Three Takeaways From The Celtics’ Comeback Game 2 Win Over The Raptors

The Boston Celtics took Game 1 against the Toronto Raptors, 112-94, on Sunday, drawing first blood in a highly-anticipated series between two teams with legitimate aspirations of winning the Eastern Conference. Tuesday afternoon marked Game 2, and despite entering the fourth trailing by eight, Boston came out on top, 102-99.

Now, Toronto finds itself in an 0-2 hole to an Eastern Conference foe for the second postseason in a row, while Boston is two games away from returning to the conference finals. But before what should be a scintillating Game 2, we took a quick look back on what we just witnessed.

Jayson Tatum is that dude

Kemba Walker and Marcus Smart struggled to get much going from the field for three quarters. Jaylen Brown started hot but cooled off and scored five points over the final three frames. Save for a first half explosion by Robert Williams, Boston’s big men didn’t exactly give them all that much of a scoring punch.

Fortunately for them, they have Jayson Tatum, who is in the conversation for being the best offensive player in the Eastern Conference. Heck, when he plays like he did on Tuesday, Tatum very well may deserve to be at the top of the list.

The All-Star forward was a smooth operator all night, scoring a game-high 34 points on 8-for-17 shooting, hitting four of his seven attempts from deep, and connecting on all 14 of his free throw attempts. To add to that, Tatum pulled down eight rebounds, doled out a team-high six assists, and played his increasingly usual brand of physical defense that can seem awfully tough to break down.

All the other stuff that he does is legitimately really impressive, and outside of his rebounding, the fact that he is able to find ways to contribute to winning basketball besides scoring is something that didn’t seem guaranteed when he was first coming into the league. But he’s still refined all of that stuff, and man, can he really score the ball. Tatum can do a little bit of everything – he’s a wonderful pull up player, he can catch and shoot, he can take dudes off the bounce, and there is no area of the court where he can’t get buckets. Boston legitimately has a shot at winning the East, something that is, in large part, due to what Tatum can do every night.


There’s some sort of talismanic quality about Marcus Smart. It’s impossible to totally define, but he really is this team’s heart and soul, and even when he is not having his best game, he finds ways to leave an impact and help the Celtics play winning basketball. The other funny thing about this is that Smart seems to have this inherent sense of the moment and when Boston seem to be able to do that little something extra in the pursuit of picking up a win.

In Game 2, this came early on during the fourth quarter. Smart entered the frame with three points on 1-for-7 shooting from the field. Even though scoring has never been his thing, you still expect him to give you a little bit more than that. Then again, what ended up happening more than made up for three tough quarters.

Somehow, someway, Smart hit five threes in a row to help the Celtics go from eight points down to start the quarter to ahead at the 7:55 mark of the frame. After that final triple — which included a foul and turned into a four-point play — Kyle Lowry scored, and then Kemba Walker scored, and then Boston did not relinquish the lead en route to taking a 2-0 series lead.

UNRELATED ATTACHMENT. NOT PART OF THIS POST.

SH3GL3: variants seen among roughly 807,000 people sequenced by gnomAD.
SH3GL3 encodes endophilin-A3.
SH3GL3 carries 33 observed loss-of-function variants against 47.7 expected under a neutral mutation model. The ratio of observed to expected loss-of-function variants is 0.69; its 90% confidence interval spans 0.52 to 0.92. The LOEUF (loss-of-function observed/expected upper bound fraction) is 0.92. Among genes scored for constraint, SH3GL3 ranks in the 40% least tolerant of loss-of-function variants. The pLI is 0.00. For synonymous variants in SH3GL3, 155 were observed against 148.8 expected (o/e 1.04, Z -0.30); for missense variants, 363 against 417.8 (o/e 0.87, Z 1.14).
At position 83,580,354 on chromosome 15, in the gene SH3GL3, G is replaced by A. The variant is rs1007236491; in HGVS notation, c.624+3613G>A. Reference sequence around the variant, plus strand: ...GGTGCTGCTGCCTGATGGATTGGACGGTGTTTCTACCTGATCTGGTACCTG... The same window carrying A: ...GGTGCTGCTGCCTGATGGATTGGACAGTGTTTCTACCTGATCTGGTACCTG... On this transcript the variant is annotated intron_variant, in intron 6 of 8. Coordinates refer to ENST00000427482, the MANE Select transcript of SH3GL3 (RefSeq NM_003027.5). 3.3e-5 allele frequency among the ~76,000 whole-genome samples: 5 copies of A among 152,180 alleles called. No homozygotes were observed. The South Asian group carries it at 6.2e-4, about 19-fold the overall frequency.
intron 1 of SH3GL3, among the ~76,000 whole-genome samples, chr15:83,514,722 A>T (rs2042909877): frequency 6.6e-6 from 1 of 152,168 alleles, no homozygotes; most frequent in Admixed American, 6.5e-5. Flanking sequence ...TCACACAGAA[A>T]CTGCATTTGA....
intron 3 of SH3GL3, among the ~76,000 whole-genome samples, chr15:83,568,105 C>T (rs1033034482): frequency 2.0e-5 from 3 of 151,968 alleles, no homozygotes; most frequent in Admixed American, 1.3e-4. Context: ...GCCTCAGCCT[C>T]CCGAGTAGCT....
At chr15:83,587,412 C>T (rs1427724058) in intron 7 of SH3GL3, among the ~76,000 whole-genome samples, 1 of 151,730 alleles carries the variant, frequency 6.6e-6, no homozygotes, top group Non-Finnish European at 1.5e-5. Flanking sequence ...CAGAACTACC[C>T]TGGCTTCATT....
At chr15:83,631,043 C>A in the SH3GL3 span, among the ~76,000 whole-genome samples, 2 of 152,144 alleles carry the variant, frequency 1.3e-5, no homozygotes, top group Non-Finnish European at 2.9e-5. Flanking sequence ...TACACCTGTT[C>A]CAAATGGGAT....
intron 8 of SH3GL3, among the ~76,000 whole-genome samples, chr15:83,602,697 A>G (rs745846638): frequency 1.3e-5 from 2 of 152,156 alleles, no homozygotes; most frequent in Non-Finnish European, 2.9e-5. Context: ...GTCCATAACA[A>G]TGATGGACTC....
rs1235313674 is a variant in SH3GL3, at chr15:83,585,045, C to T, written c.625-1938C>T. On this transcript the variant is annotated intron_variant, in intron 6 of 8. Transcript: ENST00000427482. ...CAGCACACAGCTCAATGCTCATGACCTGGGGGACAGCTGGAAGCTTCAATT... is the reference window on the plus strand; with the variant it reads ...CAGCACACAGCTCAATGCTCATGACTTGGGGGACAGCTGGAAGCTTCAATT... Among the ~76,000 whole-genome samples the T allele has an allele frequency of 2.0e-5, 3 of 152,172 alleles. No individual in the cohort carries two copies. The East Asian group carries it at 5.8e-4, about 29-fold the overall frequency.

But after a huge third quarter by Toronto — which included an 11-0 Raptors run to give them a lead that seemed at least somewhat comfortable — someone on the Celtics needed to give them the shot in the arm that was necessary for them to pull out a win. As his often times been the case during his tenure in the city, Smart gave that to them, the emotional boost that the team needed to pick up a win. On the night, Smart scored 19 points, with all six of his made field goals coming from deep.

Toronto’s offense needs to figure something out

Counting Toronto all the way out is, of course, incredibly premature. Even beyond the fact that they no longer have Kawhi Leonard, who got them out of this exact same hole last year against the Milwaukee Bucks in the conference finals, the raptors have carried themselves with the swagger in confidence that can only come from being champions all season long. It seems very, very unlikely that they will suddenly start doubting themselves.

Having said this, Nick Nurse and co. need to figure something out on offense. In Game 1, they scored 94 points, hit 36.9 percent of their shots from the field, and connected on 25 percent of their threes. In Game 2: 99 points, 40 percent from the field, 27.5 percent from three.

Toronto’s big thing all season has been that when they can get out and run, they are capable of beating anyone four times in seven games. Their issue, though, is that their halfcourt offense is not as good. They really have to find ways to manufacture points due to the lack of a true number one option in the halfcourt, and that just has not happened. The team’s nominal three-best options on offense — Kyle Lowry, Pascal Siakam, Fred VanVleet, all of whom are tremendous players — are a combined 32-for-98 (32.7 percent) from the field through the first two games.

Again, the Raptors are champions, and champions do not go down without throwing everything they have at their opponents. Nurse is the most creative coach in the league, and no one is more willing (and, thanks to the talent on hand, able) to try funky stuff with the goal of manufacturing points.